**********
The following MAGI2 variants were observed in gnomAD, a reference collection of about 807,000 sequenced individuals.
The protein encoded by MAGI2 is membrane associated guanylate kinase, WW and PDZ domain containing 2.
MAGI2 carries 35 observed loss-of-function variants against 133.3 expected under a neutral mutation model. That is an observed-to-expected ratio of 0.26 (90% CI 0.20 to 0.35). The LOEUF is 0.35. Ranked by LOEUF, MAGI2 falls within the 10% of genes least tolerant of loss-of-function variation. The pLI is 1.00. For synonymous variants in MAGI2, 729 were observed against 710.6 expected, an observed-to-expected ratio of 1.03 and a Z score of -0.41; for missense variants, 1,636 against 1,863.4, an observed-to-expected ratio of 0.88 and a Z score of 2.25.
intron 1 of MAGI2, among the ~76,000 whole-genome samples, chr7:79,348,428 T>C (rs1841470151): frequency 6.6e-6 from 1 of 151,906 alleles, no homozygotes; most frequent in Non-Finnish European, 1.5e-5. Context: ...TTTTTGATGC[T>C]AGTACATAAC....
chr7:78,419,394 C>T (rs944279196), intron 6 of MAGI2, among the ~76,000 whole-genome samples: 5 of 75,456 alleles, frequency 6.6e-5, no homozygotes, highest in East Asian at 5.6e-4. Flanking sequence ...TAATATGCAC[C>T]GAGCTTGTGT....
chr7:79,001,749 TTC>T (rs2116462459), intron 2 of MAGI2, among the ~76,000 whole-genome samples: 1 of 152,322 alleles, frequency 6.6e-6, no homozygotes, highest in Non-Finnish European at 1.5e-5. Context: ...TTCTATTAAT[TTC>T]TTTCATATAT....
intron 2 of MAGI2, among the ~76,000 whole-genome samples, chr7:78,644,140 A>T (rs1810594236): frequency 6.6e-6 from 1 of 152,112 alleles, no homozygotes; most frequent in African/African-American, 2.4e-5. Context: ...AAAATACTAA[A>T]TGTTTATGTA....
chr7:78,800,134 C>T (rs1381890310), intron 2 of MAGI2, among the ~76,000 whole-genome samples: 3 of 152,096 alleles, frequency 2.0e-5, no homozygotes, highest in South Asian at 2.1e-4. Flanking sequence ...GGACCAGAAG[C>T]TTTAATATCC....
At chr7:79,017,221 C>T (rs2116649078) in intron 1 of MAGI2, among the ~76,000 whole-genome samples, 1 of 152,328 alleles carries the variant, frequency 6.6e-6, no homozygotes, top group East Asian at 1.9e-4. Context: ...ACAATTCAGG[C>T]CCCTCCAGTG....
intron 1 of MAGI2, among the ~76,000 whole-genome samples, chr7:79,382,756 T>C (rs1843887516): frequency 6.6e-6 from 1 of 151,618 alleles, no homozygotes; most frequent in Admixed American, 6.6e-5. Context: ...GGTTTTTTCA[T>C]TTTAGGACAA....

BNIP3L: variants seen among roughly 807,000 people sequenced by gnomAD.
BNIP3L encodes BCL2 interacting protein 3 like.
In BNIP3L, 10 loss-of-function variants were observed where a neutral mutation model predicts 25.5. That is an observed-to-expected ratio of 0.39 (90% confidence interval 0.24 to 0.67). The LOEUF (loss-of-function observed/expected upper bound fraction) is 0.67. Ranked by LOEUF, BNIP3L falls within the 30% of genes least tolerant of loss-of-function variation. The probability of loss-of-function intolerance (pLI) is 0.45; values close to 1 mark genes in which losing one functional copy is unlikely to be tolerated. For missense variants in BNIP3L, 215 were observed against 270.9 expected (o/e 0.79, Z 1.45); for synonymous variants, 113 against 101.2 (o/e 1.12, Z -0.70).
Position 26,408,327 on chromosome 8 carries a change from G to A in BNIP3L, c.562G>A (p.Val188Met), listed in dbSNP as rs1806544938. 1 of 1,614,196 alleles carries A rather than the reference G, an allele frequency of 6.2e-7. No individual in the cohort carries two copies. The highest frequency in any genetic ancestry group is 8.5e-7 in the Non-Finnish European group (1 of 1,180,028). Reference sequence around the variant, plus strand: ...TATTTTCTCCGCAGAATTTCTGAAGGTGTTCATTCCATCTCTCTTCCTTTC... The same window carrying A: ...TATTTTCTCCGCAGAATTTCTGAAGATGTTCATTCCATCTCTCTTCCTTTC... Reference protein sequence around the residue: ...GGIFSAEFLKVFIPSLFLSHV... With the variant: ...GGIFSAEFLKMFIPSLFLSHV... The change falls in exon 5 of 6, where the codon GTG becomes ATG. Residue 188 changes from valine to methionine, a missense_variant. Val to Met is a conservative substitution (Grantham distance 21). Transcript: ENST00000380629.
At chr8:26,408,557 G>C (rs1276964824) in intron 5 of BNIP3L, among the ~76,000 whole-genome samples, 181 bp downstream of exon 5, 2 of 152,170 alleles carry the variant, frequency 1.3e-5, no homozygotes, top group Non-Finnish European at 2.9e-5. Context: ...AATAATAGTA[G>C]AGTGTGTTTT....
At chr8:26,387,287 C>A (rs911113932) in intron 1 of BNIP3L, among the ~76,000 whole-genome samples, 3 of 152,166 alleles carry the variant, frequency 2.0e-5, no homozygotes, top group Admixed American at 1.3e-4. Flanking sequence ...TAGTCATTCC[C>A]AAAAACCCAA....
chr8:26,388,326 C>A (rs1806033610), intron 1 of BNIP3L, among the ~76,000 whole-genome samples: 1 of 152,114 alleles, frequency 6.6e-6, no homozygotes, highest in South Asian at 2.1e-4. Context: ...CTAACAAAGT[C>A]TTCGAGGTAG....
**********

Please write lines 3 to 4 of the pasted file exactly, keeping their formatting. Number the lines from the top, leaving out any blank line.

MAGI2 carries 35 observed loss-of-function variants against 133.3 expected under a neutral mutation model. That is an observed-to-expected ratio of 0.26 (90% CI 0.20 to 0.35). The LOEUF is 0.35. Ranked by LOEUF, MAGI2 falls within the 10% of genes least tolerant of loss-of-function variation. The pLI is 1.00. For synonymous variants in MAGI2, 729 were observed against 710.6 expected, an observed-to-expected ratio of 1.03 and a Z score of -0.41; for missense variants, 1,636 against 1,863.4, an observed-to-expected ratio of 0.88 and a Z score of 2.25.
intron 1 of MAGI2, among the ~76,000 whole-genome samples, chr7:79,348,428 T>C (rs1841470151): frequency 6.6e-6 from 1 of 151,906 alleles, no homozygotes; most frequent in Non-Finnish European, 1.5e-5. Context: ...TTTTTGATGC[T>C]AGTACATAAC....